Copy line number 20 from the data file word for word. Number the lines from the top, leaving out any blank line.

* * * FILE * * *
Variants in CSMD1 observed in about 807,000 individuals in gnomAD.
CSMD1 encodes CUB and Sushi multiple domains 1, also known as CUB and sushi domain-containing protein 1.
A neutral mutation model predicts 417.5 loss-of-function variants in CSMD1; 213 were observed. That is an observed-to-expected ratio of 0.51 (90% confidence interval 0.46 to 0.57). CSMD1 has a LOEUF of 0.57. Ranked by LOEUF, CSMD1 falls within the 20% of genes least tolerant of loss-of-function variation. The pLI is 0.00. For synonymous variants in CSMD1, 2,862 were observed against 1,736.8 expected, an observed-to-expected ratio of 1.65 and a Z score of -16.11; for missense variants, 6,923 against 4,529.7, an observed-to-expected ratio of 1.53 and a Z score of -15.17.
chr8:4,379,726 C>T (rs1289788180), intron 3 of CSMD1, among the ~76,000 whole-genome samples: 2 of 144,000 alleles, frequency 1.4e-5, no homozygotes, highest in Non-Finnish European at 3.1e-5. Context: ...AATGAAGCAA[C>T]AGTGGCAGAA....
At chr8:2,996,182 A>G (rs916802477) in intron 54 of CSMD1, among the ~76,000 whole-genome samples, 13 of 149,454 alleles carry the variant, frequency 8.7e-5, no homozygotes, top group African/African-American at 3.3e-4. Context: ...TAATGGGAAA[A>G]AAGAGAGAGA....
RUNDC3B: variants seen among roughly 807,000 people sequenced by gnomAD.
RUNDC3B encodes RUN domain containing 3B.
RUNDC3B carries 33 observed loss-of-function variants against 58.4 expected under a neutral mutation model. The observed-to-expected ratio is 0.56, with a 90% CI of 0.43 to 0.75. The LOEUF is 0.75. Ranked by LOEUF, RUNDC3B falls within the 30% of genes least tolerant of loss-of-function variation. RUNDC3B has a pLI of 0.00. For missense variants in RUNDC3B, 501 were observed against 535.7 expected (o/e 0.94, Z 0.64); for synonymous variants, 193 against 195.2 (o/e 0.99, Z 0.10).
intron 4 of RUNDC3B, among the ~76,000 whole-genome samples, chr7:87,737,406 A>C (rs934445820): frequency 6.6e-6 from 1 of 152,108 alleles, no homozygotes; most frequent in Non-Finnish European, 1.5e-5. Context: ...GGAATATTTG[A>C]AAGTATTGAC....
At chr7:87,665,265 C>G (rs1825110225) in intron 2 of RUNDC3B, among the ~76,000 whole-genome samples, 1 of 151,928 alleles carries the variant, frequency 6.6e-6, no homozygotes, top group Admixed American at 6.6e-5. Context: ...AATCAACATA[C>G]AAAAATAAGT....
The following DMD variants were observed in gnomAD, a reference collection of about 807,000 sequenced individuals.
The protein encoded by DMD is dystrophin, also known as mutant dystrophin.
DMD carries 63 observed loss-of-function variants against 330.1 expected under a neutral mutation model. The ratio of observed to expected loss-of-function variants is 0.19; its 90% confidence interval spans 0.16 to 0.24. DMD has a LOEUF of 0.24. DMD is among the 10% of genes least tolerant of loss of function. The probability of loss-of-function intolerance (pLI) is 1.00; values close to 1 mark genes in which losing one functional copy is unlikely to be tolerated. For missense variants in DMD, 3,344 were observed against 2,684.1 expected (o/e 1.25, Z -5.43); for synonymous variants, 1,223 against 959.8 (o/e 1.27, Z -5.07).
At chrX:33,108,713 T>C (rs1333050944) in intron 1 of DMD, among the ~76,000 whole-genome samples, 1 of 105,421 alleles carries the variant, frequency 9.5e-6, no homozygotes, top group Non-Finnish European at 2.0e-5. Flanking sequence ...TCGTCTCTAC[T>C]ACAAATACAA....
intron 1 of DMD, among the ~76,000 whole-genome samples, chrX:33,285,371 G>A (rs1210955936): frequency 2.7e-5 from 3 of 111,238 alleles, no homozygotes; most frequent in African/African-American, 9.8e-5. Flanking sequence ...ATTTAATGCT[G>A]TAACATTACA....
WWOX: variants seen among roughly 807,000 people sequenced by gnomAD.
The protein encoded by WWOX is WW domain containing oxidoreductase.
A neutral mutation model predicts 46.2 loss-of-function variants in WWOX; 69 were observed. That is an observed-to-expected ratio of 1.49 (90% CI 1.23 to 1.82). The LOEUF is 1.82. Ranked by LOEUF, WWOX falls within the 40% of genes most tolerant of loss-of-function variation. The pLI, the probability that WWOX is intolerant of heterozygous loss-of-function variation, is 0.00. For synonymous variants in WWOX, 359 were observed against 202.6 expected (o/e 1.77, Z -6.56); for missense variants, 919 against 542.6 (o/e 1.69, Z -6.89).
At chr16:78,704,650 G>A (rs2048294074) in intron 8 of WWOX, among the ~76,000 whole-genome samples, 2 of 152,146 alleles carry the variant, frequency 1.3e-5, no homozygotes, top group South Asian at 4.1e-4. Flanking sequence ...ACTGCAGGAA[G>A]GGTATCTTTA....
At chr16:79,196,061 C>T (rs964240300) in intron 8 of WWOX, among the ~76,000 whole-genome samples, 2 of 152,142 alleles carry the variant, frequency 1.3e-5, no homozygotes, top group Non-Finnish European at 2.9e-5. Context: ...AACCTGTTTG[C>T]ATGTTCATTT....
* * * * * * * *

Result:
At chr16:79,196,061 C>T (rs964240300) in intron 8 of WWOX, among the ~76,000 whole-genome samples, 2 of 152,142 alleles carry the variant, frequency 1.3e-5, no homozygotes, top group Non-Finnish European at 2.9e-5. Context: ...AACCTGTTTG[C>T]ATGTTCATTT....